A new bill signed into law by Oregon Governor Kate Brown aims to protect public health through several procedural changes – including one amendment that will impact homeowners in Portland.
Senate Bill 64, also called the Oregon Health Authority’s public health housekeeping bill, provides updates to five areas of public health:
- Tobacco purchases (for people under the age of 21)
- Lead-based paint regulations
- Prescription drugs
- Public health
- School health
Under the new law, which takes effect in January of 2022, individuals and firms can no longer perform lead-based paint activities (such as lead paint testing and remediation) unless they are certified to do so by the Oregon Health Authority.
So, what does this mean for Portland homeowners? Here, we’ll take a deeper dive into the use of lead-based paints, the language included in the bill and how these changes may impact you.
Lead-Based Paint Activities
To understand the implications of Senate Bill 64, you first have to understand the history of lead paint and the risks associated with its use.
Prior to 1978, lead-based paint was considered a luxury that was often touted as being superior to non-lead paints. This was due to its durability and density, as only a small amount of paint was needed to cover a large surface.
The paint of choice during the Renaissance period in Europe, lead paint was shipped to the U.S. colonies and used by many professional painters during the early 1900s. It was created by hand-mixing oil with white lead, which provided a long-lasting finish, an accelerated drying time and a barrier against mold and other parasites. It is even reported that lead-based paint was used to paint the White House and Capitol building.
What Are the Risks Associated with Lead-Based Paint?
Lead-based paint provides health hazards that can ultimately pose a risk to human health. It is important to keep lead materials away from living spaces, especially those with children around. Surfaces that may be covered with lead-based paint are the easiest for children to reach and potentially breathe in. Cracked or peeling paint chips are easy to reach and just as easy for small children to ingest. Adults are just as vulnerable, especially pregnant women.
How Can I Tell If My Home Has Lead Paint?
In 1978, the U.S. Consumer Product Safety Commission banned the use of lead paint in homes. If your home was built before 1978, you should assume that lead is present. The U.S. Centers for Disease Control and Prevention (CDC) estimate that roughly 24 million housing units in the United States have “significant lead-based paint hazards,” with approximately 4 million of those units being home to young children.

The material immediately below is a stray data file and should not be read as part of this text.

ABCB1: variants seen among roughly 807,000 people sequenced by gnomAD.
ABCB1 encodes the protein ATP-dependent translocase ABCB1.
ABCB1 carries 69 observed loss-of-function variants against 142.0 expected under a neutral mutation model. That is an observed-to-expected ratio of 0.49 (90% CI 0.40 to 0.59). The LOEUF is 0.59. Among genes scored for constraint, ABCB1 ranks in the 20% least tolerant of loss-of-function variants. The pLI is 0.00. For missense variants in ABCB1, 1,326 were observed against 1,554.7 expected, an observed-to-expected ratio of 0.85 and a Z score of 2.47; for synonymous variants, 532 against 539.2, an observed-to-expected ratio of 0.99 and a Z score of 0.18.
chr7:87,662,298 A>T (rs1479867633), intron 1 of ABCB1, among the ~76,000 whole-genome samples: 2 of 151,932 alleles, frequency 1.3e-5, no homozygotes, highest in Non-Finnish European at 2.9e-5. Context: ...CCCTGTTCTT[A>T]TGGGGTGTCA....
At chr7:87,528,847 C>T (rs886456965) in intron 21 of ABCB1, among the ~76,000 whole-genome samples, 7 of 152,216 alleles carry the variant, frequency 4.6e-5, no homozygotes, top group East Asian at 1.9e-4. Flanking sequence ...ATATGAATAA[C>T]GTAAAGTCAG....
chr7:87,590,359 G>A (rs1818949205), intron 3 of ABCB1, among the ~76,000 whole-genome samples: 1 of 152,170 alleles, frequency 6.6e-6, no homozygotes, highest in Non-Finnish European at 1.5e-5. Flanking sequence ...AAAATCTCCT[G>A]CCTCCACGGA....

Lead-based paint is often present under multiple layers of non-lead paint, as walls may have been repainted many times since the 1978 ban. If these layers of lead paint are in good condition, they may not pose health hazards. But if the paint is peeling, cracked, damaged or chipping, it can pose health risks.
Lead is also frequently found in water pipes and plumbing fixtures, which can cause it to enter your home’s drinking water. According to the U.S. Environmental Protection Agency (EPA), this source of lead is most common in homes built prior to 1986 and in older cities that may have used lead piping to install service water lines.
Lead-Based Paint Testing and Removal
The only way to know for sure whether lead is present in your home is to have your home tested for lead. Lead paint testing can tell you how much lead is present in each painted area of your home, while lead water testing can inform you if there are dangerous levels of lead entering your drinking water.
While some home test kits are available, it is best to leave lead testing to a qualified professional who can handle the job safely and help you accurately interpret your results. If lead-based paint is found, it is almost always necessary to have it removed to protect you and your family.
Implications of Senate Bill 64
Now that you know the background of lead-based paints, you may be wondering how Senate Bill 64 comes into play. The bill puts tighter regulations on who can perform lead paint activities to ensure lead-safe work practices are used. The bill:
- Requires individual certification for any lead-based paint activities;
- Requires a firm to be certified if it’s performing a renovation for compensation; and
- Removes the option for an uncertified firm to perform or offer to perform lead-based paint activities under the supervision of a certified individual.
Both firms and individuals must be certified by the Oregon Health Authority, which has the power to regulate lead-based paint activities and to establish standards based on best practices as they relate to lead paint inspections, risk assessments and remediation.
For Portland homeowners, this means you should be mindful of who you hire to remediate lead-based paint, especially in older homes. Because lead can easily become airborne through dust from chipping paint, it’s important for you to hire someone who understands the necessary safety precautions to minimize further risk to you and your family.
Lead Paint Remediation in Portland, OR
The goal of Senate Bill 64 is to protect homeowners by ensuring that contractors who are performing lead-based paint activities inside their home are compliant with federal and local regulations. The bill is good news for homeowners who want peace of mind knowing their home is free of lead-based hazards.
If you are concerned lead paint may be present in your home, the next step is to schedule lead testing with a qualified professional. Alpha Environmental is certified in lead testing by the Oregon Health Authority and can test for lead both in your water system and in paint around your home. Contact us today to schedule your lead testing appointment, or call us at 503-406-6686 for more information.